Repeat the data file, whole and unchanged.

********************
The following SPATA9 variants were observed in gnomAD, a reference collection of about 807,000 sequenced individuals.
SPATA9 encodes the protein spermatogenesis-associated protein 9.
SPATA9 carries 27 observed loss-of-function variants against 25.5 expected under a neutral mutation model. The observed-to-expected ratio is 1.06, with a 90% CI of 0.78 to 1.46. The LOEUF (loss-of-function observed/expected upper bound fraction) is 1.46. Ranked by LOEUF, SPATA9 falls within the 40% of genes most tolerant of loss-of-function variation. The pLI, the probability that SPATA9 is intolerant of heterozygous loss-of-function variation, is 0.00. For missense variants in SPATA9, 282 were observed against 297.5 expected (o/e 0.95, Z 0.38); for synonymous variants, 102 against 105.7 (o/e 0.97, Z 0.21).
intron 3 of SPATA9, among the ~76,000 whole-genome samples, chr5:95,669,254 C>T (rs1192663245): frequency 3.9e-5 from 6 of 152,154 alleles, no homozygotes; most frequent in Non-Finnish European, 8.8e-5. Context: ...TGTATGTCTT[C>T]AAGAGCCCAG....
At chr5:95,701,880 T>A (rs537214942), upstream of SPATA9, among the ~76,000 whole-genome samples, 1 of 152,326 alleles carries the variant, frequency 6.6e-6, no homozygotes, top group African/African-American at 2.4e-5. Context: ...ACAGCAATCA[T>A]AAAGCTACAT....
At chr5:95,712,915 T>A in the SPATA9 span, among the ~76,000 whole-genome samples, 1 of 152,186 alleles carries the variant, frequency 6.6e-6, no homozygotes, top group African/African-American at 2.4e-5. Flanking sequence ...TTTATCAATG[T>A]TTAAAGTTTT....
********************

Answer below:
The following SPATA9 variants were observed in gnomAD, a reference collection of about 807,000 sequenced individuals.
SPATA9 encodes the protein spermatogenesis-associated protein 9.
SPATA9 carries 27 observed loss-of-function variants against 25.5 expected under a neutral mutation model. The observed-to-expected ratio is 1.06, with a 90% CI of 0.78 to 1.46. The LOEUF (loss-of-function observed/expected upper bound fraction) is 1.46. Ranked by LOEUF, SPATA9 falls within the 40% of genes most tolerant of loss-of-function variation. The pLI, the probability that SPATA9 is intolerant of heterozygous loss-of-function variation, is 0.00. For missense variants in SPATA9, 282 were observed against 297.5 expected (o/e 0.95, Z 0.38); for synonymous variants, 102 against 105.7 (o/e 0.97, Z 0.21).
intron 3 of SPATA9, among the ~76,000 whole-genome samples, chr5:95,669,254 C>T (rs1192663245): frequency 3.9e-5 from 6 of 152,154 alleles, no homozygotes; most frequent in Non-Finnish European, 8.8e-5. Context: ...TGTATGTCTT[C>T]AAGAGCCCAG....
At chr5:95,701,880 T>A (rs537214942), upstream of SPATA9, among the ~76,000 whole-genome samples, 1 of 152,326 alleles carries the variant, frequency 6.6e-6, no homozygotes, top group African/African-American at 2.4e-5. Context: ...ACAGCAATCA[T>A]AAAGCTACAT....
At chr5:95,712,915 T>A in the SPATA9 span, among the ~76,000 whole-genome samples, 1 of 152,186 alleles carries the variant, frequency 6.6e-6, no homozygotes, top group African/African-American at 2.4e-5. Flanking sequence ...TTTATCAATG[T>A]TTAAAGTTTT....